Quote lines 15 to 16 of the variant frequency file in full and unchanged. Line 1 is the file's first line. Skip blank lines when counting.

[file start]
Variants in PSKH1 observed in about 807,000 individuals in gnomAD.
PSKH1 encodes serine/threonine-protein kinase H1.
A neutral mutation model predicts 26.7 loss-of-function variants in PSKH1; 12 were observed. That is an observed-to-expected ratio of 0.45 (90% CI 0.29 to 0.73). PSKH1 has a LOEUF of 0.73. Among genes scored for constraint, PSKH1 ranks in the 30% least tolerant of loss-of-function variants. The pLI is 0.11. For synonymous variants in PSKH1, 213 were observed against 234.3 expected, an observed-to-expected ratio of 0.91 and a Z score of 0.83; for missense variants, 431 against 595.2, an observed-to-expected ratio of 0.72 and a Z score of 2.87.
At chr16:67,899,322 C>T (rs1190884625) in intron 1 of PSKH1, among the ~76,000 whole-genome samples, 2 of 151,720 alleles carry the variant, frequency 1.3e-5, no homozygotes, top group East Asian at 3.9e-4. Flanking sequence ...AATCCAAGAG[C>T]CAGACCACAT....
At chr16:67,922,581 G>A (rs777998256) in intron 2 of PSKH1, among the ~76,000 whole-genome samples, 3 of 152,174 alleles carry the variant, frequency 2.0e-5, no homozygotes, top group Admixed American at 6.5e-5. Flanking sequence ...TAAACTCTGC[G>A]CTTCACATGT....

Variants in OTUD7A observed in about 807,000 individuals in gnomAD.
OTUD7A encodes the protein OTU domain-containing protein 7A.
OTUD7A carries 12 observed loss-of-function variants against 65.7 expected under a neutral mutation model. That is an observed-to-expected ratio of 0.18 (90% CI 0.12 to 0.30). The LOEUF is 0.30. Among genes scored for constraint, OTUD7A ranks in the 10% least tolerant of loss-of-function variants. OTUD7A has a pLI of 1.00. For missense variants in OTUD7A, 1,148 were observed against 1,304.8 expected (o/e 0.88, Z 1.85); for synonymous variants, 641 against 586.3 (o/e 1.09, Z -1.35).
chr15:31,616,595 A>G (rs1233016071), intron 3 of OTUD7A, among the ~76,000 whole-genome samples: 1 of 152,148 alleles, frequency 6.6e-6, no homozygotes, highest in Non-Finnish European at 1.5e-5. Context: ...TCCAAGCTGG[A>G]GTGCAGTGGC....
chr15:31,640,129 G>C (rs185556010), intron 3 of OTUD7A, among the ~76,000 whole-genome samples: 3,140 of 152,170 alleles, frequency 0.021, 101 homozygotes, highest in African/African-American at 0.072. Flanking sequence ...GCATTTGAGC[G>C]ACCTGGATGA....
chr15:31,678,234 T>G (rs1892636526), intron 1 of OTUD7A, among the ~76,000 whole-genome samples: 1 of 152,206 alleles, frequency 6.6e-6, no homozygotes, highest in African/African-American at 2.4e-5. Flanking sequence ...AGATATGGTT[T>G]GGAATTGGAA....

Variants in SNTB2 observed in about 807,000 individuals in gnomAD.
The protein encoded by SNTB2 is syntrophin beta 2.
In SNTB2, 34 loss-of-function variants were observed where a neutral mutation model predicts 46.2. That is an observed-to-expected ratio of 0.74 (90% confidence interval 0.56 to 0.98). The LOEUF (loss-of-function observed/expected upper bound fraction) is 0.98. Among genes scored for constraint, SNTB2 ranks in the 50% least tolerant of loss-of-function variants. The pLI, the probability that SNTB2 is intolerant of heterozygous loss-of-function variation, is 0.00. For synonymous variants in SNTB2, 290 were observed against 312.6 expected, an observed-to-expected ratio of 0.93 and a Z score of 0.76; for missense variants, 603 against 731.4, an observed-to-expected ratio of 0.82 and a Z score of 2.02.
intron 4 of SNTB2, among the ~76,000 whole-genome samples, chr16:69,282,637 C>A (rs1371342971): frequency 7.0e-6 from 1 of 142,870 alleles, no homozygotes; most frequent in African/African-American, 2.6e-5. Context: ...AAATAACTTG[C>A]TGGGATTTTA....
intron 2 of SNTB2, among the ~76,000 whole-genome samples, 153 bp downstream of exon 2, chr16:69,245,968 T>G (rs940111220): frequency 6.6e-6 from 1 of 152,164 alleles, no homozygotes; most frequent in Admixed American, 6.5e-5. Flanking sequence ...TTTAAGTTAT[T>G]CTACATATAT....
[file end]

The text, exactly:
intron 4 of SNTB2, among the ~76,000 whole-genome samples, chr16:69,282,637 C>A (rs1371342971): frequency 7.0e-6 from 1 of 142,870 alleles, no homozygotes; most frequent in African/African-American, 2.6e-5. Context: ...AAATAACTTG[C>A]TGGGATTTTA....
intron 2 of SNTB2, among the ~76,000 whole-genome samples, 153 bp downstream of exon 2, chr16:69,245,968 T>G (rs940111220): frequency 6.6e-6 from 1 of 152,164 alleles, no homozygotes; most frequent in Admixed American, 6.5e-5. Flanking sequence ...TTTAAGTTAT[T>G]CTACATATAT....